Biologists have not given up getting increased access to embryos fior human embryonic stem cell research, still limited under the Obama administration, much like they were under Bush.
A group has found that even after being frozen for 18 years, human embryos can be thawed, grown in the laboratory, and successfully induced to produce human embryonic stem (ES) cells, which represent a valuable resource for drug screening and medical research. Prolonged embryonic cryopreservation as an alternative source of ES cells is the focus of an article in BioResearch Open Access.
Kamthorn Pruksananonda and coauthors from Chulalongkorn University and Chulalongkorn Memorial Hospital, Bangkok, Thailand, demonstrated that ES cells derived from frozen embryos have a similar ability to differentiate into multiple cell types—a characteristic known as pluripotency—as do ES cells derived from fresh embryos.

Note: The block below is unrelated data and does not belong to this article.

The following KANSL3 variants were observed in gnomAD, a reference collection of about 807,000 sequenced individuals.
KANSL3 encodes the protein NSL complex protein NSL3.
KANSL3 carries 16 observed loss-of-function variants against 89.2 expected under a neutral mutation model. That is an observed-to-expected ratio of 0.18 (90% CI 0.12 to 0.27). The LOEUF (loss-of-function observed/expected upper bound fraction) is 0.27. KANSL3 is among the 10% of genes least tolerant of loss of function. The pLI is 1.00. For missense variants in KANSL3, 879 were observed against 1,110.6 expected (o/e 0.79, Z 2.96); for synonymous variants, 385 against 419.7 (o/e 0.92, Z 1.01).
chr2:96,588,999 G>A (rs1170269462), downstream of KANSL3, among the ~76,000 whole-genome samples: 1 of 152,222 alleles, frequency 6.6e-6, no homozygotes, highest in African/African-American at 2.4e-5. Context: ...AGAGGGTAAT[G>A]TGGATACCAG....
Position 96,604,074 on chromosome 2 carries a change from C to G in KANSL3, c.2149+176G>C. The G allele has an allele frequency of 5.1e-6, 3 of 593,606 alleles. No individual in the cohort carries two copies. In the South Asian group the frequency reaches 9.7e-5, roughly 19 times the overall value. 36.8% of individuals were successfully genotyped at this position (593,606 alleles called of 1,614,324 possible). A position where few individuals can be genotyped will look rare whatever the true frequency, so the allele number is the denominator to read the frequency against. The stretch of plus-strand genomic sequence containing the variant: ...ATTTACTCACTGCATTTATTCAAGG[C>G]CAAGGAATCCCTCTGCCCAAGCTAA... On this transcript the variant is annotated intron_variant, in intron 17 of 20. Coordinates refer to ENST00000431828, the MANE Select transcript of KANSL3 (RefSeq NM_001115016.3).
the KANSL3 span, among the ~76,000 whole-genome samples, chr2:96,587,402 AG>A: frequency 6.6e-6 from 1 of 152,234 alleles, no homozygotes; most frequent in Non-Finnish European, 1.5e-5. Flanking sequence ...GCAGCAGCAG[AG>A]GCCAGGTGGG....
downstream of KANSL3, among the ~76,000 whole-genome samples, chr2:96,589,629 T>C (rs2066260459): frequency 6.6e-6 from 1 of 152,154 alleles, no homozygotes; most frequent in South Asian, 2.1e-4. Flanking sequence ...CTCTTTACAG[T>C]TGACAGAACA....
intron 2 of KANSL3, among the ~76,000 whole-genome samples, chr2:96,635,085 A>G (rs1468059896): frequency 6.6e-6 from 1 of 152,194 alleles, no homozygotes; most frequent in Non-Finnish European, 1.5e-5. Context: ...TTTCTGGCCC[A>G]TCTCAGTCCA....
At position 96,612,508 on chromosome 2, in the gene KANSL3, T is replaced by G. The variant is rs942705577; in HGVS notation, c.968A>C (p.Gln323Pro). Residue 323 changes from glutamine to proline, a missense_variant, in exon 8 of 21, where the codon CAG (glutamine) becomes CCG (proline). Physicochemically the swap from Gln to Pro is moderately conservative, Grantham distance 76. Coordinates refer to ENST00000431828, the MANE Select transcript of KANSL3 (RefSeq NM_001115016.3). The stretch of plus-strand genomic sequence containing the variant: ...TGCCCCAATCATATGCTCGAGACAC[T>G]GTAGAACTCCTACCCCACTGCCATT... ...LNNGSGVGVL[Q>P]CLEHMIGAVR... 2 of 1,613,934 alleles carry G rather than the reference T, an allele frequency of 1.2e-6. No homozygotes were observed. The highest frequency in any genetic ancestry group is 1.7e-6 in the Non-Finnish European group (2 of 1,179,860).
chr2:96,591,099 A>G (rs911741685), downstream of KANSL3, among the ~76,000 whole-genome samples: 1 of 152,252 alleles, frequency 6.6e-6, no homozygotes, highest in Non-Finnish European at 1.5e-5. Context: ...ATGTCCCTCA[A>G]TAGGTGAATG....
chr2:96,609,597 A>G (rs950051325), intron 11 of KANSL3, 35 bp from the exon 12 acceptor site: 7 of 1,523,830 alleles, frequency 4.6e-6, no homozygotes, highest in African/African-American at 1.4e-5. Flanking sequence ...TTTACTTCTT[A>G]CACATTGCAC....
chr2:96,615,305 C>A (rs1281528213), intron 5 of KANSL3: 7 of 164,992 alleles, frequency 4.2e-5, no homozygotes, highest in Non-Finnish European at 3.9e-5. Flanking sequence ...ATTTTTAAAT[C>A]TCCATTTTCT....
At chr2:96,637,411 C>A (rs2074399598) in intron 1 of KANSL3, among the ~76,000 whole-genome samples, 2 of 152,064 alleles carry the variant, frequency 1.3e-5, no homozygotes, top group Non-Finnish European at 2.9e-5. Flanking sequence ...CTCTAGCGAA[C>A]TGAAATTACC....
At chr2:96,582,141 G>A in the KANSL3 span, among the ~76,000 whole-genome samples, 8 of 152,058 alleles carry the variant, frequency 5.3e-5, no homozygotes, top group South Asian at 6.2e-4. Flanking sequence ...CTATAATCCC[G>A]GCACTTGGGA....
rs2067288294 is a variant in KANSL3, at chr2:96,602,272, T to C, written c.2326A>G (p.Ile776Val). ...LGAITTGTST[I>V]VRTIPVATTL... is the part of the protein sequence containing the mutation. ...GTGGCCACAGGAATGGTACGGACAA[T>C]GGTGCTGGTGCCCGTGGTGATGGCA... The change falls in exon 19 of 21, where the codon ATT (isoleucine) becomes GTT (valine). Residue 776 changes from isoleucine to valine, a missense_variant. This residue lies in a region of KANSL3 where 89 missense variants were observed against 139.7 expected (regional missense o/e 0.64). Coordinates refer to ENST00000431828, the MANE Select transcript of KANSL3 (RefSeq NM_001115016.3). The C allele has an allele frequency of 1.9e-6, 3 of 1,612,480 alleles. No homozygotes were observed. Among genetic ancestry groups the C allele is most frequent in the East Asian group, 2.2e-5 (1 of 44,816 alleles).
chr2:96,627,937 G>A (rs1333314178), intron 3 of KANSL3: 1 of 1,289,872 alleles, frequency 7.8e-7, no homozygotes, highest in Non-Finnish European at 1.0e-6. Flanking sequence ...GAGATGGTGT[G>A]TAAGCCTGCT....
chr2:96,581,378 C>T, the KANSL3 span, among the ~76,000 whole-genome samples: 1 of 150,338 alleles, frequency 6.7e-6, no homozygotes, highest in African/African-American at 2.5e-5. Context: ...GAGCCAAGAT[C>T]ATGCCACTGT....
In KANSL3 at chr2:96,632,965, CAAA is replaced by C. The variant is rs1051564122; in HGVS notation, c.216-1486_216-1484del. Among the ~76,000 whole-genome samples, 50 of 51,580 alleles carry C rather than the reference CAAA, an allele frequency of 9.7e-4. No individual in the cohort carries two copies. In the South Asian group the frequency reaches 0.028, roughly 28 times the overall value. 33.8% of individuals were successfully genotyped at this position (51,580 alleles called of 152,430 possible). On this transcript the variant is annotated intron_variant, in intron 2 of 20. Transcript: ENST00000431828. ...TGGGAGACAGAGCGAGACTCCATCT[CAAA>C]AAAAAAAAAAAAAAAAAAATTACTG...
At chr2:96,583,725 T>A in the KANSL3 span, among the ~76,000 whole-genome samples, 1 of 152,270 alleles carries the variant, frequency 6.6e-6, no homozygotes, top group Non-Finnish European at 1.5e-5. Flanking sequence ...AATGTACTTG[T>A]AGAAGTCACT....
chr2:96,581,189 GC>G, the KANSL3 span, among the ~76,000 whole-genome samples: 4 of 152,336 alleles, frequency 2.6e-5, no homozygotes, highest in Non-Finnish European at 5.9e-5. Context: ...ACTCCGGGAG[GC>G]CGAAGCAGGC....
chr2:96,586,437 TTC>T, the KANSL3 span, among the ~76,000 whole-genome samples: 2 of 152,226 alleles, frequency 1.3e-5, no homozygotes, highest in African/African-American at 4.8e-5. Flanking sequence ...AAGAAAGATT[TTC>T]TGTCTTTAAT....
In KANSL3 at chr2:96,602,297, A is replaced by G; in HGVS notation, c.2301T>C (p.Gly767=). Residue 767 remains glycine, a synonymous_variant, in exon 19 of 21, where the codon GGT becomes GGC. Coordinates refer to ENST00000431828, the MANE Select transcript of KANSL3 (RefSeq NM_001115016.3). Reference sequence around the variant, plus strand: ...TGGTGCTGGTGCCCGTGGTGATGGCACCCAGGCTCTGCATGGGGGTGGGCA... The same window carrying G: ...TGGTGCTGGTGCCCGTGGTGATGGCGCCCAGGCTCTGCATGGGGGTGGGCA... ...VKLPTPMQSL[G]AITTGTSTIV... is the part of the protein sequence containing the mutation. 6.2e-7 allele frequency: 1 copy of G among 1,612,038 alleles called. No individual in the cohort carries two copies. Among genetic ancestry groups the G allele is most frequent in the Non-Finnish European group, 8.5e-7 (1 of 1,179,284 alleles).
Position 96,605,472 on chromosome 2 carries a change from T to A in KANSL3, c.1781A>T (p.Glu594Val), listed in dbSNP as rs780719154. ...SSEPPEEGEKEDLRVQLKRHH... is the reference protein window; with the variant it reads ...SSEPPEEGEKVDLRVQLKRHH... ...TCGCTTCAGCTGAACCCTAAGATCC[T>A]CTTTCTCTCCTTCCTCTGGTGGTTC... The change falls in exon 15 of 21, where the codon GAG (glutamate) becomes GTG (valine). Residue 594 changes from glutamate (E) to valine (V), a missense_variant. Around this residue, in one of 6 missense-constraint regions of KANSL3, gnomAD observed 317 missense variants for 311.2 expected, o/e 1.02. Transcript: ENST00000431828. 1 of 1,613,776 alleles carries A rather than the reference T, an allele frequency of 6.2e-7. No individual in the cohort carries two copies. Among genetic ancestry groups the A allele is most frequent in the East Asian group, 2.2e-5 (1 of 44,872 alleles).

"The importance of this study is that it identifies an alternative source for generating new embryonic stem lines, using embryos that have been in long-term storage," says Editor-in-Chief Jane Taylor, PhD, MRC Centre for Regenerative Medicine, University of Edinburgh, Scotland.
They presented their findings in the article "Eighteen-Year Cryopreservation Does Not Negatively Affect the Pluripotency of Human Embryos: Evidence from Embryonic Stem Cell Derivation"